If you want to visit Iran, which language should you brush up on? It is a more complicated question for Iran than for other countries. But now is really not the best time to go there anyway, so we have plenty of time to figure it out.
Universities in the West typically teach courses in Persian. This sounds a bit old-fashioned, but it makes intuitive sense. However, the language the US government teaches foreign service employees is not Persian, but Farsi. Private companies are a mixed bag.
Luckily for learners, Persian and Farsi are, for most intents and purposes, congruent. But what to call the language is a spicy issue. Historically, it was obvious to everyone that in Persia they spoke the Persian language. But in the 1930s, the shah decreed that he would like everyone to start calling his country Iran. This was what Iranians had always called their homeland, and it seemed reasonable that the West should finally stop using an exonym invented by the Romans based on a dynasty that fell in A.D. 224. But there was also a less wholesome motive: Iran means “Aryan,” after the warrior people who settled South Asia and Europe in the distant past. Iran updated its name in part to impress Adolf Hitler.
In the latter decades of the 20th Century, many in the West started referring to the language of Iran as “Farsi,” in the same spirit of native fidelity that possesses people to pronounce Qatar “cutter.” But the Iranian government objected, claiming this was a ploy to undermine the revolutionary government by portraying its language as different from the venerable Persian of the past.
In 2005, the Academy of Persian Language and Literature anathematised “Farsi.” (Ironically, they made their announcement in their native tongue, so they were telling everyone it was offensive to call the fârsi language Farsi.) This is one of the few areas where the Persian diaspora and the government in Tehran agree. But many in the West have not gotten the message.
One may wonder how this divide opened. The name “Persia” was based on the Parthian Empire, the great rival of the Romans. They took their name from their homeland in Pars, in southwestern Iran. Today, however, this province is called Fars. The shift is a legacy of the massive influence Arabic brought to bear on Persia after the 7th Century.
The linguistic history of Persian is strikingly similar to that of English around the same time. Both were originally highly complex languages, with three genders and an intricate set of declensions and suffixes around which to build a sentence. But uncouth conquerors had no time for all that. Over time, the Arabs and Vikings so garbled both languages that they simplified radically. Persian lost its genders and declensions, as well as the letter P, which Arabs have difficulty pronouncing. (The Parsi community of northern India, who fled Islamising Iran in the Middle Ages and still practice Zoroastrianism, also kept the P.)
Under Arab domination, Persians adopted the Arabic alphabet and a torrent of Arabic vocabulary. But unlike Syrians, Egyptians, and the Romans of North Africa, they never became Arabs. Indeed, it was not long before Persia enjoyed a cultural renaissance. For centuries, Persian was the language of high culture for the whole Islamic world.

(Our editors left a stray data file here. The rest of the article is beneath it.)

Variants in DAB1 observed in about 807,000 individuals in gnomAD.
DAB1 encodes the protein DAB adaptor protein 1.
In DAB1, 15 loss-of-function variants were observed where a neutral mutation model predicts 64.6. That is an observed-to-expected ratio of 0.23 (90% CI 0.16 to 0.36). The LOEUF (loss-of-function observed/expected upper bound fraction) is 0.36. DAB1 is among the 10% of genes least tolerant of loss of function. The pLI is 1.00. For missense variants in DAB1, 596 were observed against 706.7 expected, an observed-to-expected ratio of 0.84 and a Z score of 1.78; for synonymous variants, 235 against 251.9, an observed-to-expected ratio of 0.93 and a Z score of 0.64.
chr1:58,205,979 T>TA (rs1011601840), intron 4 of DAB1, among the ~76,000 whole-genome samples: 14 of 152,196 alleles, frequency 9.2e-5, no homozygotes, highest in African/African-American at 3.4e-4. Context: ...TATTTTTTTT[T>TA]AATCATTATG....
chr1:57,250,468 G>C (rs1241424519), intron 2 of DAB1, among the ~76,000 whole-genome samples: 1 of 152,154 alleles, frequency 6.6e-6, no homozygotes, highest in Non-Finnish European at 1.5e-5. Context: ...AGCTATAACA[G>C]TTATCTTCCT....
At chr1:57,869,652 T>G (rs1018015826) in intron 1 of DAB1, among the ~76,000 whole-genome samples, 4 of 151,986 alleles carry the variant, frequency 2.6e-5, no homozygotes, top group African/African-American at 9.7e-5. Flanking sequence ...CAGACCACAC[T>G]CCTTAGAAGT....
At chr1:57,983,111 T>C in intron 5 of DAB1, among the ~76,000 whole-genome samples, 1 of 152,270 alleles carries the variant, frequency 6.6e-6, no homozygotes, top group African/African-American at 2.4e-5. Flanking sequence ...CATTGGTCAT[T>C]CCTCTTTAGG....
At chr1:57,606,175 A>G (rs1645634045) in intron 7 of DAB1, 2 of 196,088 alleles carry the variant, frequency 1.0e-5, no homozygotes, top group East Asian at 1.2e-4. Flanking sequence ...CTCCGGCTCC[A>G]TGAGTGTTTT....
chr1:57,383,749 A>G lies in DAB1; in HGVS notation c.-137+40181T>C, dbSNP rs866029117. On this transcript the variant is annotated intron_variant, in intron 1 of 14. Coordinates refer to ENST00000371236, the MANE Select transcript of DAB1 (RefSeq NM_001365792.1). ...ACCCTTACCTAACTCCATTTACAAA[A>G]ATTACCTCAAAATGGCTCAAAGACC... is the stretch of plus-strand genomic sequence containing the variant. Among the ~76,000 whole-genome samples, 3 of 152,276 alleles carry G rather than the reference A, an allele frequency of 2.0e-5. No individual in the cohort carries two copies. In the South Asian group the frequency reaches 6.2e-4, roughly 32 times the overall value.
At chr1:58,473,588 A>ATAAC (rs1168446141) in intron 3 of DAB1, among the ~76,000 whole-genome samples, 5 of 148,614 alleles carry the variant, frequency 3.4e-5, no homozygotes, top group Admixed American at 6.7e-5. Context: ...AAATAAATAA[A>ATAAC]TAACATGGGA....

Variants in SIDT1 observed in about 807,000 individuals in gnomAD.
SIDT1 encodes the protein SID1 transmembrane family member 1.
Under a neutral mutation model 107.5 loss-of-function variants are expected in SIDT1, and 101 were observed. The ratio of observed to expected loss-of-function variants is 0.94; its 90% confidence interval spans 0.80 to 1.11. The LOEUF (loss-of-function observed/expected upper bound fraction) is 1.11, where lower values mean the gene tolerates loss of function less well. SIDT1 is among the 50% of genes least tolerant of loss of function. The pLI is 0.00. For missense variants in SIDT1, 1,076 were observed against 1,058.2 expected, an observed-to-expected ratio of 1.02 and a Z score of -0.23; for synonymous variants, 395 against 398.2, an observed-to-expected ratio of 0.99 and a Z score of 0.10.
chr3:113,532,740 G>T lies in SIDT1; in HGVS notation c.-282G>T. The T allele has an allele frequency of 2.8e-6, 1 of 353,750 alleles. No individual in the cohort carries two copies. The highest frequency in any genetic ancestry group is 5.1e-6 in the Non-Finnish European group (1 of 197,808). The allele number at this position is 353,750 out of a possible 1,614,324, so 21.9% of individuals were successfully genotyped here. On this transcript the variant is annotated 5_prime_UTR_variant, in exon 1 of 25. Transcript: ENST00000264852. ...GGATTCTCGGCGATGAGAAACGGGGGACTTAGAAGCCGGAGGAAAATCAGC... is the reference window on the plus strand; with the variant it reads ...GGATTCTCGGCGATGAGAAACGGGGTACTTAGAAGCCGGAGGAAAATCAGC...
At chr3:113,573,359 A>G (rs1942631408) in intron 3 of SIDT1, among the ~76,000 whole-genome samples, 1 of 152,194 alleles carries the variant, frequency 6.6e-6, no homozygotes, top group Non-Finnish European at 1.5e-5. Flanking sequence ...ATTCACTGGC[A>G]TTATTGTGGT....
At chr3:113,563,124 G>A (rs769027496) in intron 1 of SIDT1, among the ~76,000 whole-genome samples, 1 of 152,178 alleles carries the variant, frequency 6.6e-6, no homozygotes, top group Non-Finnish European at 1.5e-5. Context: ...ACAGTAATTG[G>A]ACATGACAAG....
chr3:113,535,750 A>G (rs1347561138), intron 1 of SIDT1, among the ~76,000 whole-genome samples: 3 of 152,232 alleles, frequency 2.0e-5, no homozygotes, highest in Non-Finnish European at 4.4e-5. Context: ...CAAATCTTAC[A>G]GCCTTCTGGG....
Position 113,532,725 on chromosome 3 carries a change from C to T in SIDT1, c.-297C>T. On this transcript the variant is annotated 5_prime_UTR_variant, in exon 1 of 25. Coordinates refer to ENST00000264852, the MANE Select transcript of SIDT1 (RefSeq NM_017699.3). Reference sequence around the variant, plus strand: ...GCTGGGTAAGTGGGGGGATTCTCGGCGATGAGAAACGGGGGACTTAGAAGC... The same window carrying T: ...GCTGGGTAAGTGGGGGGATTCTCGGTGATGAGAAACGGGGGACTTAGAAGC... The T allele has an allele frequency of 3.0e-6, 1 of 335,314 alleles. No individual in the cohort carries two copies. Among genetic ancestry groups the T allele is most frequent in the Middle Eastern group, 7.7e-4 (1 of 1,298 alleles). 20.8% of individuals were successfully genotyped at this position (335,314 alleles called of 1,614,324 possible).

This version of Persian would be hard to understand for Iranians today. However, it would be easy for people in Afghanistan. Afghanistan’s two official languages are Dari, the old court language, and Pashto, a local rustic dialect that has traditionally been marginalised. While the dialect of the Persian heartland shifted rapidly, things moved slower in the isolated valleys of Central Asia. Again, there is a close analogy here to our own experience. Scottish is more similar in many ways to Middle English, and Icelandic is the most conservative Germanic language of all.
Iranian Persian (or Farsi), Dari, and Tajik are considered Persian proper. Other major Persian languages include Kurdish and Balochi (in southern Pakistan), which are on opposite sides of Iran but are more similar to each other because they remained outside the standardising influence of the Iranian state. Smaller curiosities in the family include Sogdian, still spoken in a valley outside Samarkand, and Ossetic in the Caucasus, whose speakers are so keen not to be Georgian that they have their very own Russian-backed separatist state.
My inspiration for this article came a few weeks ago, when I went to a hookah bar with two Persian-Americans, a Kurdish-Canadian, a Pakistani-Canadian, and a Jordanian-Austrian-American. Aside from sounding like the weirdest “X people walk into a bar” joke ever, it was a fascinating linguistic experience. The Persians and Kurd had no problem conversing with one another in standard Persian. The Pakistani could understand about a third of it, and my latter friend could pick out certain Arabic words — interestingly, everyone knew which Persian words were Arabic.
Of course, I understood almost none of it, aside from sporadic Islamic expressions I picked up in Turkey last summer. In this blog, I tend to stay in the orbits of European languages and East Asian ones, both of which I am familiar with. By contrast, I do not speak Persian at all. This has been an interesting challenge, and I hope to expand my boundaries on this blog in 2023. In the spirit of this topic, maybe I should edify myself with some good luck by leaping over a bonfire.